With the support and financial backing of her family, Sarah Remond became an anti-slavery lecturer, delivering her first lecture against slavery at the age of 16, with her brother Charles in Groton, Massachusetts, in July 1842.[6] Remond rose to prominence among abolitionists in 1853, when she refused to sit in a segregated theater section. She had bought tickets by post for herself and a group of friends, including historian William C. Nell, to the popular opera, Don Pasquale, at the Howard Athenaeum in Boston.[7] When they arrived at the theatre, Remond was shown to segregated seating. After refusing to accept it, she was forced to leave the theatre and pushed down some stairs.[3] Remond sued for damages and won her case. She was awarded $500, and an admission by theatre management that she was wronged; the court ordered the theater to integrate all seating.[7][8]

In 1856, the American Anti-Slavery Society hired a team of lecturers, including Remond; Charles, already well known in the U.S. and Britain; and Susan B. Anthony, to tour New York State addressing anti-slavery issues. Over the next two years, she, her brother, and others also spoke in New York, Massachusetts, Ohio, Michigan and Pennsylvania.[2] She and other African Americans were often given poor accommodation due to racial discrimination.[3] Although inexperienced, Remond rapidly became an effective speaker. William Lloyd Garrison praised her "calm, dignified manner, her winning personal appearance and her earnest appeals to the conscience and the heart."[9] Sarah Clay wrote that Remond's every word "waked up dormant aspirations which would vibrate through the ages."[1] Over time, she became one of the society's most persuasive and powerful lecturers.[10]

Abby Kelley Foster, a noted abolitionist in Massachusetts, encouraged Remond when they toured together in 1857.[11] On December 28, 1858, Remond wrote in a letter to Foster:[12]

I feel almost sure I never should have made the attempt but for the words of encouragement I received from you. Although my heart was in the work, I felt that I was in need of a good English education ... When I consider that the only reason why I did not obtain what I so much desired was because I was the possessor of an unpopular complexion, it adds to my discomfort.

Anti-slavery lecturing in Great Britain[edit]

Frederick Douglass, circa 1879. Remond and Douglass toured together in Britain.

As a good speaker and fundraiser, Remond was invited to take the cause of the American abolitionists to Britain, as her brother Charles had done ten years earlier. Accompanied by the Reverend Samuel May, Jr., she sailed from Boston for Liverpool on December 28, 1858, on the steamer Arahia. They arrived in Liverpool on January 12, 1859, after a discomforting trip in the winter. The ship had become covered with ice and snow, and rolled and tossed so much that many of the passengers became ill, including Remond.[3] At Tuckerman Institute on January 21, 1859, Remond gave her first antislavery lecture in England. Her second lecture, "Slave Life in America," took place just a few days later on January 24. During these speeches, she spoke eloquently of the inhumane treatment of slaves in the United States, her stories shocking many of her listeners. She also described the discrimination endured by free blacks throughout the United States.[1]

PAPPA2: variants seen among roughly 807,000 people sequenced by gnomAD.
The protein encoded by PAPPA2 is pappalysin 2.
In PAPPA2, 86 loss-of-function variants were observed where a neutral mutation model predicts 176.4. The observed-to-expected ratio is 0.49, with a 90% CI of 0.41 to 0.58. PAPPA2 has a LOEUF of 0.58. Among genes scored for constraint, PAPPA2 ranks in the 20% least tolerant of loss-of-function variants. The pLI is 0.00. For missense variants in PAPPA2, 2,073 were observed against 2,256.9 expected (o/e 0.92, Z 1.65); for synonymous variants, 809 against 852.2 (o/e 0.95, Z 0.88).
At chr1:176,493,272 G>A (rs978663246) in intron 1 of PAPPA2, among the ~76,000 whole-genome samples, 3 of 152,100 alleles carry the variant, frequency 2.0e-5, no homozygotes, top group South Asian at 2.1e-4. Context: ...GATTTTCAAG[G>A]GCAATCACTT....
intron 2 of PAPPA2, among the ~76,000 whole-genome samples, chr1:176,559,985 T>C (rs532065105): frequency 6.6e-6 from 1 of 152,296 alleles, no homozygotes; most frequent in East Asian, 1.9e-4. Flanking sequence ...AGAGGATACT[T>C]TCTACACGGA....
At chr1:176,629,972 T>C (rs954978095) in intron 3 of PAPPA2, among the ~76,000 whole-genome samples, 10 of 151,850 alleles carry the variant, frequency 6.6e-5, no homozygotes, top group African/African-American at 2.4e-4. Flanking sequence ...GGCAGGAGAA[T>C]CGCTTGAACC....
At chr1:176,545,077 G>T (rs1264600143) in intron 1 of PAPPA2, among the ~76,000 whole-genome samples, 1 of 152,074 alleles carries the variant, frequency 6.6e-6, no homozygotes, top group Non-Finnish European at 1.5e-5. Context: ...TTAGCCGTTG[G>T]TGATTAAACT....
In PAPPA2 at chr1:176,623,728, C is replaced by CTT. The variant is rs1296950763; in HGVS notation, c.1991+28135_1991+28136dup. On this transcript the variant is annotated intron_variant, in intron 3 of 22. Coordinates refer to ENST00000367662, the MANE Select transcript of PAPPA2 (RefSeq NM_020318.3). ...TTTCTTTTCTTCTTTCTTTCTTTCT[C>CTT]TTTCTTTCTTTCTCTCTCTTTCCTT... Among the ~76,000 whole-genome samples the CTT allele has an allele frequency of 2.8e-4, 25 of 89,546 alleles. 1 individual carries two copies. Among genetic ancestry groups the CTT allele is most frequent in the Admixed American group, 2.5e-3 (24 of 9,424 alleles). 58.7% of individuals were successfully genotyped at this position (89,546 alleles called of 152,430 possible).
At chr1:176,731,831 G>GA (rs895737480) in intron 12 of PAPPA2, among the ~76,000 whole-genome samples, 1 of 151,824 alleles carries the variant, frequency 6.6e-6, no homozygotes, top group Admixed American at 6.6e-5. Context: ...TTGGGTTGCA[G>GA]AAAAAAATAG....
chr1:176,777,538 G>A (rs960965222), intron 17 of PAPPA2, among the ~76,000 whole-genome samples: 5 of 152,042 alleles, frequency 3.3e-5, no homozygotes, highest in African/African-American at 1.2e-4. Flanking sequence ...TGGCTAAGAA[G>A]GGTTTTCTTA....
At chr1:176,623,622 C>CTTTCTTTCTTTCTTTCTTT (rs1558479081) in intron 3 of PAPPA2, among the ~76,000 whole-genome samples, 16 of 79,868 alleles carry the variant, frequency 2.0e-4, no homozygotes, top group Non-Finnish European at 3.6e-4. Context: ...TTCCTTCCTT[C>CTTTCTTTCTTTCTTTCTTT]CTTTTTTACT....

Remond lectured to crowds in cities throughout the British Isles for the next three years, raising large sums of money for the anti-slavery cause. Between 1859 and 1861, she gave more than forty-five lectures in England, Ireland, and Scotland.[2] Remond also appeared at times with Frederick Douglass.[1] Although before she sailed, Remond expected to confront similar prejudice as what she encountered in the United States, writing Abby Kelly Foster that she feared not "the wind nor the waves, but I know that no matter how I go, the spirit of prejudice will meet me," she met with a greater acceptance in Britain. "I have been received here as a sister by white women for the first time in my life," she wrote; "I have received a sympathy I never was offered before."[1]

Remond was praised for her speeches, in which she spoke out against slavery and racial discrimination, stressing the sexual exploitation of black women under slavery.[1] Remond called on common themes found in sentimental fiction, such as family, womanhood, and marriage, to evoke an emotional response in her audience.[13] During her tour of Ireland, she compared the plight of the African slave to the working-class laborers in her audience, worrying her middle and upper class sponsors.[14] In her short autobiography, written in 1861, she observed that "prejudice against colour has always been the one thing, above all others, which has cast its gigantic shadow over my whole life."[15]